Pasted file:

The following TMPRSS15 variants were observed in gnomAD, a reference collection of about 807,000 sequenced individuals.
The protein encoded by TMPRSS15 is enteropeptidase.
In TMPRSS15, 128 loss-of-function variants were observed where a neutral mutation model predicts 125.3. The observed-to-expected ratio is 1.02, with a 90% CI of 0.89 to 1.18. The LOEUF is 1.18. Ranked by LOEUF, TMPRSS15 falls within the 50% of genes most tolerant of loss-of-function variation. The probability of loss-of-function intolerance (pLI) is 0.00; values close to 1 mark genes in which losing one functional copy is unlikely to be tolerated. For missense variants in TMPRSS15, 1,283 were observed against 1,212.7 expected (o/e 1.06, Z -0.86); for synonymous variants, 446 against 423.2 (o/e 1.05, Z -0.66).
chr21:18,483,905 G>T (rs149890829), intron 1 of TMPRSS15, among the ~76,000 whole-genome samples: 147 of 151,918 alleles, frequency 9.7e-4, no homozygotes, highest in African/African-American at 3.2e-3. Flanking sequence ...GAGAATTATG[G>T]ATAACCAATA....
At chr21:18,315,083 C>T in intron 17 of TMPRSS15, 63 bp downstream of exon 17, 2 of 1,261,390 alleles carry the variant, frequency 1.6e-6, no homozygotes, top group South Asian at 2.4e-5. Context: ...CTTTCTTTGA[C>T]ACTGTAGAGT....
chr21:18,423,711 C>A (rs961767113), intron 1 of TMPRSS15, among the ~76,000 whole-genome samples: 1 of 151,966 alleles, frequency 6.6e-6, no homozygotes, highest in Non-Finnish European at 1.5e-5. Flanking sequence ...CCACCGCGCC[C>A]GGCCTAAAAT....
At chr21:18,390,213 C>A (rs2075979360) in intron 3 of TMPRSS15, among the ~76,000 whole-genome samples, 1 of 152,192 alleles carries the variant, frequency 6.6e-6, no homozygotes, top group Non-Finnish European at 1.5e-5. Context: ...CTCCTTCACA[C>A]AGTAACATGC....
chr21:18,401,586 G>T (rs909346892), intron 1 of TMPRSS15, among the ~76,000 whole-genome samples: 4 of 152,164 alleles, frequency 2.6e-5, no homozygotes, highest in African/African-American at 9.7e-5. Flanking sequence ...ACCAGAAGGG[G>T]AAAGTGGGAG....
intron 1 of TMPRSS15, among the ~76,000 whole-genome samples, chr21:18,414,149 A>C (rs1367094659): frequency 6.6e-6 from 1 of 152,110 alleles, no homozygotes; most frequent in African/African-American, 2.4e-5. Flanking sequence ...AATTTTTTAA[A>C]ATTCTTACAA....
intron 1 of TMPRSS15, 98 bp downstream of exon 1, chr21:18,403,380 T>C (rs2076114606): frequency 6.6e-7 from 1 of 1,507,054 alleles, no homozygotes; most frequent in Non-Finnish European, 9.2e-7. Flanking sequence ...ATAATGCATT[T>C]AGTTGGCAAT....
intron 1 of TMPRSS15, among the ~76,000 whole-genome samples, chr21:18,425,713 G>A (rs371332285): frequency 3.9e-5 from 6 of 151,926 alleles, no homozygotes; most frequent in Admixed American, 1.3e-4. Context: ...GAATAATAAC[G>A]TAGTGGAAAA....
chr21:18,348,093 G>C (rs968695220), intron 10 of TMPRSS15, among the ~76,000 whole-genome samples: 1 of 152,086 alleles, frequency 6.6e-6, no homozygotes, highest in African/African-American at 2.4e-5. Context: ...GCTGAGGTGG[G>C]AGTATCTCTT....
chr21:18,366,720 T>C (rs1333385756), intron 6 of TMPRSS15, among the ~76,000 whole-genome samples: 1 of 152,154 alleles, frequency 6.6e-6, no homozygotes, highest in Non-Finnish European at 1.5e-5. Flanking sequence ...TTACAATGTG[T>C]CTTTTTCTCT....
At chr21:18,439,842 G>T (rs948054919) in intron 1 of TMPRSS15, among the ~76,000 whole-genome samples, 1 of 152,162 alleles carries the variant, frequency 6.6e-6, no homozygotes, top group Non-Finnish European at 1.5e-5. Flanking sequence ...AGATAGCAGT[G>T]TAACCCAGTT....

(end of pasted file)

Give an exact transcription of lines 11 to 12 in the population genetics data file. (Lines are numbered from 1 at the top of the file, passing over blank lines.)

intron 1 of TMPRSS15, among the ~76,000 whole-genome samples, chr21:18,425,713 G>A (rs371332285): frequency 3.9e-5 from 6 of 151,926 alleles, no homozygotes; most frequent in Admixed American, 1.3e-4. Context: ...GAATAATAAC[G>A]TAGTGGAAAA....
chr21:18,348,093 G>C (rs968695220), intron 10 of TMPRSS15, among the ~76,000 whole-genome samples: 1 of 152,086 alleles, frequency 6.6e-6, no homozygotes, highest in African/African-American at 2.4e-5. Context: ...GCTGAGGTGG[G>C]AGTATCTCTT....